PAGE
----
Honest Motherhood is a series of submissions by Mothers. These are the raw, personal, and brave truths of Motherhood and what it is to many, different women. Today’s post is from Courtney on the transformation she underwent during her transition into motherhood. Motherhood is the death of oneself and the birth of another and something you won’t come back from.
I promised I wouldn’t change. I promised I would be the same person, that I wouldn’t become the woman who talked about her child constantly, the woman who wouldn’t long to be home holding my baby after being out for only an hour, the woman who became nothing but a mother. Most of all, I promised I wouldn’t become that woman who told her childless friends that they just couldn’t understand because they aren’t a mom. I hated those women, I couldn’t stand how they seemed to look at my life like it wasn’t as serious as theirs, that as much as I could be sympathetic and understanding, I just didn’t get it.
I didn’t get it.
I didn’t understand that when I became a mother, I would also be putting to rest a part of myself. I knew I would change, I knew that my life was changing in the most dramatic and intense way, I suppose I failed to understand the magnitude of that change. A part of me died when such a larger part of me came alive to bloom. I don’t know if it’s the same for other women, I just know what happened to me. I hate the pretentiousness I feel when I look at my friends who don’t have children and think, “they just don’t get it.” But they don’t, I didn’t and I think that’s the hardest part. That I despised the women like me, those mothers who looked at each other with knowing, with a secret language that only mothers know. Giving birth is like receiving the Rosetta Stone to this secret language. All of these parts in your brain that you never knew existed come alive and ignite and you realize how much you didn’t know before that moment.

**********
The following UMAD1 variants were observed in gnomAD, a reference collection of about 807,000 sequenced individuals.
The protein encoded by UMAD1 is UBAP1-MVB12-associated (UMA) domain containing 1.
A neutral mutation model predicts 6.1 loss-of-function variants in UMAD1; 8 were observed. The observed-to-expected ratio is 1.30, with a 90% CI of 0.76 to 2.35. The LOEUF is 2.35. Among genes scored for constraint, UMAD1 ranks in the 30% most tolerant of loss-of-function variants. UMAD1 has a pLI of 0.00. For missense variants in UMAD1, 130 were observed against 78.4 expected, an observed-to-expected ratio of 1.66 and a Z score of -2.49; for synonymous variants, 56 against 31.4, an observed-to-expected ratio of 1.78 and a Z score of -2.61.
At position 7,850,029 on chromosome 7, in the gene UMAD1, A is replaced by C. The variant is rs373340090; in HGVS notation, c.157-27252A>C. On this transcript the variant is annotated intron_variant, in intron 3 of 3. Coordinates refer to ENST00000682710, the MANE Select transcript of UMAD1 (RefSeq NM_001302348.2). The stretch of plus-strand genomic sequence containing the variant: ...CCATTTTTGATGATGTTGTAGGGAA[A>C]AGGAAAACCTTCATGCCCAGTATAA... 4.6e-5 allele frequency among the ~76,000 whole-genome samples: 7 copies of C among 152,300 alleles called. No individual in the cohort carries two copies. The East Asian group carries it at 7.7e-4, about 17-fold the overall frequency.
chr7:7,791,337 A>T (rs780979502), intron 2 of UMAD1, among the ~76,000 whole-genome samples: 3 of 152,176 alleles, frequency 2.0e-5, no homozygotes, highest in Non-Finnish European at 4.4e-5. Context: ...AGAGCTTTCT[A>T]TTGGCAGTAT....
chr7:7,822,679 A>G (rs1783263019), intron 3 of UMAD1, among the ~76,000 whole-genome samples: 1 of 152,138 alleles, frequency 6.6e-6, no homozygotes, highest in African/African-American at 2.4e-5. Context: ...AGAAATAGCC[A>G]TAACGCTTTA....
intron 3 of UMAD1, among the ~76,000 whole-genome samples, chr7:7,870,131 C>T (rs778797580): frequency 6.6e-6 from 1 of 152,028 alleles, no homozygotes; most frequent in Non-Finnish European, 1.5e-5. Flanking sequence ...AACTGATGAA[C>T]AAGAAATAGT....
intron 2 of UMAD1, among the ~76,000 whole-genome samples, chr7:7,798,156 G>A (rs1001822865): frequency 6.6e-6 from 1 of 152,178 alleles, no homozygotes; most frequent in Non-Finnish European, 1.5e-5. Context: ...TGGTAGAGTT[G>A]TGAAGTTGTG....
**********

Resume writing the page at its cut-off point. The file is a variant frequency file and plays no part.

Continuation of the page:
Shortly after Kitty was born I took her with me to the co-op to pick up some groceries. I was wandering among the produce when a woman approached me. She looked at Kitty sleeping in her wrap and said the usual things that women say about new babies and then she looked at me and said something I will never forget, “I can still see it on you, you’ve been there, you’ve been to the other side haven’t you?” It struck me, I had never thought of it before, but in those hours before Kitty was born, it was other worldly. I went to another place, a place where I went deep into something ancient and timeless and when I exited, I was forever changed.
I have heard of Native Americans going on vision quests or crying for dreams. They are pushed to physical limits, often fasting, they come to a deep understanding of themselves to show their purpose in life, it is a right of passage leaving your life as a child and beginning a new life as an adult. It is a birth in itself. It is also a death.
And so I changed, more than I expected, more than I maybe wanted to. Part of me died when I was on the other side, I wasn’t prepared for that, I don’t think it’s something I considered. I knew I would have a son or a daughter, I knew I would be a mother, but I didn’t think about the person I would be leaving behind. There is no official title for a childless woman.
I left her there on the other side. I came back from my quest, with my daughter, my dream.